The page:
Medieval & Early Modern Studies offers a multidisciplinary approach to European cultures and civilizations from late Antiquity (c. 500) to the beginnings of the Enlightenment (c. 1750). The major incorporates materials and methodologies from the fields of English, history, art, music, philosophy, religion, classical studies and foreign language. Students in the program have considerable flexibility in the design and focus of their courses of study.
Courses appropriate for prospective majors
ARTH 101, Introduction to Art History (Ancient through Medieval)
ARTH 102, Introduction to Art History (Renaissance through Contemporary)
ENGL 101, Texts and Contexts (Only sections with a Medieval, Renaissance, or Early Modern focus)
HIST 105, Medieval Europe
HIST 106, Modern Europe to 1815
HIST 121, Middle East to 1750
HIST 222, Feudal Europe
HIST 223, Renaissance Europe
HIST 243, English/British History I [55 BC to 1688]
MUSC 101, History of Music (Medieval through 1750)
RELG 212, History of Christianity: From Margin to Center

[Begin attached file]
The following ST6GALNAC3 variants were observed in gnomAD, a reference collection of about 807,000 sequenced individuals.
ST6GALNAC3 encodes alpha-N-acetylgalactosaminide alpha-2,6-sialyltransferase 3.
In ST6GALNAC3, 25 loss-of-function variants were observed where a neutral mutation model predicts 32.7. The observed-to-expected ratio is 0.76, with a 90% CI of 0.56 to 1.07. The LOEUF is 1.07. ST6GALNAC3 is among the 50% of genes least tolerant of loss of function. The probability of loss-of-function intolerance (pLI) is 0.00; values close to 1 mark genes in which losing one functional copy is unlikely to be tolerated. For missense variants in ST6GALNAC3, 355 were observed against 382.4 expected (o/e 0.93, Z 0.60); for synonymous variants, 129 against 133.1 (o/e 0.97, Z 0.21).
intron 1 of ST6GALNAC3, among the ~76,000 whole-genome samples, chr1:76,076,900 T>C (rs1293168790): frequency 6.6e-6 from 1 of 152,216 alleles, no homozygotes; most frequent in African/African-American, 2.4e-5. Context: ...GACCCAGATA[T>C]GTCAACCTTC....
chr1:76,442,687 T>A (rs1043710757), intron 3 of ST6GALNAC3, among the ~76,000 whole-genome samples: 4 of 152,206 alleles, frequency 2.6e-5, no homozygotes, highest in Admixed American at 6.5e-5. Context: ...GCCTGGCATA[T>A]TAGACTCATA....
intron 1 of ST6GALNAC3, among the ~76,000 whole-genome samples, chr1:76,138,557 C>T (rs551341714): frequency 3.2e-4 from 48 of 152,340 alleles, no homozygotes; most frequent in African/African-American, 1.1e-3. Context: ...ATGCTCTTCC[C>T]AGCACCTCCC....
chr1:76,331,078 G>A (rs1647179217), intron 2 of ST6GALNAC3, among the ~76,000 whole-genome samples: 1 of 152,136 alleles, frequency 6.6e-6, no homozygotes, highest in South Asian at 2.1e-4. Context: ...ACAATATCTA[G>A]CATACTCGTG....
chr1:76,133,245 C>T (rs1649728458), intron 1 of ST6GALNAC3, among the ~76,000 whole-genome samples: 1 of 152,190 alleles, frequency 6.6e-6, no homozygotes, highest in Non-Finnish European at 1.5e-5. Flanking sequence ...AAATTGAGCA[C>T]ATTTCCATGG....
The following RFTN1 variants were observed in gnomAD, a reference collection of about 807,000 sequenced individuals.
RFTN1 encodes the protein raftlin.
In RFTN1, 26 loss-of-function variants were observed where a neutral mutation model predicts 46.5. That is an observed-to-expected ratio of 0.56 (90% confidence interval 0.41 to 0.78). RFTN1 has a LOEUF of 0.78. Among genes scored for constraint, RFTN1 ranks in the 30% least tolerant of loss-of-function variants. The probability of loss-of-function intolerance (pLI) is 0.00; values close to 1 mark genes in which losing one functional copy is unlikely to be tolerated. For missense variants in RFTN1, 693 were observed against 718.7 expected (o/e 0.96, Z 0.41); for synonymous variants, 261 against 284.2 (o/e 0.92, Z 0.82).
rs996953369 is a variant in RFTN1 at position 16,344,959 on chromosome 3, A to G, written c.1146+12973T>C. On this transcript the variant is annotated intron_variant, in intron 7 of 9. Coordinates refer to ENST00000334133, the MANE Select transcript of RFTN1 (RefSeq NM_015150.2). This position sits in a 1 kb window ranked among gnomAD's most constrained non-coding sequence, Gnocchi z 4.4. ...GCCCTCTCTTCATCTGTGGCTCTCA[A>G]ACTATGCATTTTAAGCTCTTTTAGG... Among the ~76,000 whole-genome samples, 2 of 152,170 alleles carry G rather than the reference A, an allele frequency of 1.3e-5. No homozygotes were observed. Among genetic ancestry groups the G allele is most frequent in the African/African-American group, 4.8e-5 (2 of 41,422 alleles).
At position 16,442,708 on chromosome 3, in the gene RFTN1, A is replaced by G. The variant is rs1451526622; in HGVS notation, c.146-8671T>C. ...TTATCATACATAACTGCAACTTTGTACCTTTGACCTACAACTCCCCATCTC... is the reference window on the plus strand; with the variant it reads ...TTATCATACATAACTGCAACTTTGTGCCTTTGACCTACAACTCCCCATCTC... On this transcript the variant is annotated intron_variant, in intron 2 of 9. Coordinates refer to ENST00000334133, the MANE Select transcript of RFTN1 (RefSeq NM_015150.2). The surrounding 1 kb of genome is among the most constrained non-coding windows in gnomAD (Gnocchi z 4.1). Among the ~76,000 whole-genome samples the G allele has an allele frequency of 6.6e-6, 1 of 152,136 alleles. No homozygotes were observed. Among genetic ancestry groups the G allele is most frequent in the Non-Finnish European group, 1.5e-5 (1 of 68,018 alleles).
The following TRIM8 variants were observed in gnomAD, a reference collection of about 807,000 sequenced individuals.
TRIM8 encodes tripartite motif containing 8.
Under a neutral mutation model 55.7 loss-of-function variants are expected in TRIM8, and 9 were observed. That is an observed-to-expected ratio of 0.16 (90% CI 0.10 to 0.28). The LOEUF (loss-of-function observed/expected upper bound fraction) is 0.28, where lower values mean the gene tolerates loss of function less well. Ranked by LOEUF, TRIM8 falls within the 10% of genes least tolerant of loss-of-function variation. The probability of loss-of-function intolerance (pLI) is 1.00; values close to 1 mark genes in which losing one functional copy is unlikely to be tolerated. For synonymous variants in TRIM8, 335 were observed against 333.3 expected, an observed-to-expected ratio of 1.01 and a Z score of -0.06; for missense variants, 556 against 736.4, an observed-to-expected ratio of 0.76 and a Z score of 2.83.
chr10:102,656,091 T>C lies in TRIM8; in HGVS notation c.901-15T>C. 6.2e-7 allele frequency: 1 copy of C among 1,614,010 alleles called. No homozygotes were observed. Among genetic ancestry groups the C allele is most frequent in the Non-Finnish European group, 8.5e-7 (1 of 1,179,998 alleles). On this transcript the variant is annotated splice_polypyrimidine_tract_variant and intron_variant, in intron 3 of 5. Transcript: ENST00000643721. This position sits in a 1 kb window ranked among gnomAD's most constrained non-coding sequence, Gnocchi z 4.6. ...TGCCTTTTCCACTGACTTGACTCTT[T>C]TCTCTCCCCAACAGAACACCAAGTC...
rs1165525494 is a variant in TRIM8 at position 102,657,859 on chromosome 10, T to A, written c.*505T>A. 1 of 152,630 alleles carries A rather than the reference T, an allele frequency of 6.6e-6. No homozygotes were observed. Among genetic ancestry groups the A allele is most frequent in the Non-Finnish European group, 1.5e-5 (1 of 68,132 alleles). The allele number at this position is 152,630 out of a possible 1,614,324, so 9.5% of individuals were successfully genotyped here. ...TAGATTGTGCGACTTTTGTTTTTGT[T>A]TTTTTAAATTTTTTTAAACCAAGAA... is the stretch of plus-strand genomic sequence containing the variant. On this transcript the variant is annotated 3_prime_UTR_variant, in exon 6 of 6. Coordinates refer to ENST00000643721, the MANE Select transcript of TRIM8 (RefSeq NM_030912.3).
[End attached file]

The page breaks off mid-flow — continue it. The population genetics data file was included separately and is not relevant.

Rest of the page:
RELG 259, Islam
JDST/RELG 219, History of the Jews
Note: In certain cases MEMS faculty frequently waive distribution requirements of a 200- or 300-level MEMS course for a MEMS major or prospective major. Inquire directly of the relevant faculty member.
For course descriptions and requirements for the major and our recently created minors (one medieval, the other early modern), refer to the Academic Bulletin: Medieval & Early Modern Stuides.
Suggested curricular flow through the major
There is no standard “path” through the Medieval & Early Modern Studies major. MEMS 200, Discourse and Methods in Medieval & Early Modern Studies, is the introductory course, but, from there forward, students find their own directions. For this reason, it is especially important that interested students contact professors in the program to discuss their interests and seek advice. In the 2014-2015 Academic Year, Professor Melinda Schlitt will be serving as Chair.